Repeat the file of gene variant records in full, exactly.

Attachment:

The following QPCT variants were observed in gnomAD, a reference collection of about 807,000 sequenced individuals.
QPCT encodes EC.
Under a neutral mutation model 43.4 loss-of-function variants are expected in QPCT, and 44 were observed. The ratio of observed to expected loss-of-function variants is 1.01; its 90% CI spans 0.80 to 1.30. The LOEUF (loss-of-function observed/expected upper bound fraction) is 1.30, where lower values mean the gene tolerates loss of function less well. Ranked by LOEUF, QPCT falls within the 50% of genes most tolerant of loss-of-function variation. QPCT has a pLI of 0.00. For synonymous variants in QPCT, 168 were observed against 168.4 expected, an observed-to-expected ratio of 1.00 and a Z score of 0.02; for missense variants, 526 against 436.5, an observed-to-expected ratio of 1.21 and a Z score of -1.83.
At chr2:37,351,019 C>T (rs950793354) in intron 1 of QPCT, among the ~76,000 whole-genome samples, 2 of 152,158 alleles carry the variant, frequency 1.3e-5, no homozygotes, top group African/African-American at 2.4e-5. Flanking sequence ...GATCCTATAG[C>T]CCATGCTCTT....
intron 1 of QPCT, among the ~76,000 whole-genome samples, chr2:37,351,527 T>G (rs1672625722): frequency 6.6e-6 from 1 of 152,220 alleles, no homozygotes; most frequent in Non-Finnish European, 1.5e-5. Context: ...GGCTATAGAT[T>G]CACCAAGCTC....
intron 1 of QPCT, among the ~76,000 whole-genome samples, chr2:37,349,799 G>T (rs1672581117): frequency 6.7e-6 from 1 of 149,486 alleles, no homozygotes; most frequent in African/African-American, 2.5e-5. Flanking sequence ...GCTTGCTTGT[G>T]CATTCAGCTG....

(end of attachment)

The following QPCT variants were observed in gnomAD, a reference collection of about 807,000 sequenced individuals.
QPCT encodes EC.
Under a neutral mutation model 43.4 loss-of-function variants are expected in QPCT, and 44 were observed. The ratio of observed to expected loss-of-function variants is 1.01; its 90% CI spans 0.80 to 1.30. The LOEUF (loss-of-function observed/expected upper bound fraction) is 1.30, where lower values mean the gene tolerates loss of function less well. Ranked by LOEUF, QPCT falls within the 50% of genes most tolerant of loss-of-function variation. QPCT has a pLI of 0.00. For synonymous variants in QPCT, 168 were observed against 168.4 expected, an observed-to-expected ratio of 1.00 and a Z score of 0.02; for missense variants, 526 against 436.5, an observed-to-expected ratio of 1.21 and a Z score of -1.83.
At chr2:37,351,019 C>T (rs950793354) in intron 1 of QPCT, among the ~76,000 whole-genome samples, 2 of 152,158 alleles carry the variant, frequency 1.3e-5, no homozygotes, top group African/African-American at 2.4e-5. Flanking sequence ...GATCCTATAG[C>T]CCATGCTCTT....
intron 1 of QPCT, among the ~76,000 whole-genome samples, chr2:37,351,527 T>G (rs1672625722): frequency 6.6e-6 from 1 of 152,220 alleles, no homozygotes; most frequent in Non-Finnish European, 1.5e-5. Context: ...GGCTATAGAT[T>G]CACCAAGCTC....
intron 1 of QPCT, among the ~76,000 whole-genome samples, chr2:37,349,799 G>T (rs1672581117): frequency 6.7e-6 from 1 of 149,486 alleles, no homozygotes; most frequent in African/African-American, 2.5e-5. Flanking sequence ...GCTTGCTTGT[G>T]CATTCAGCTG....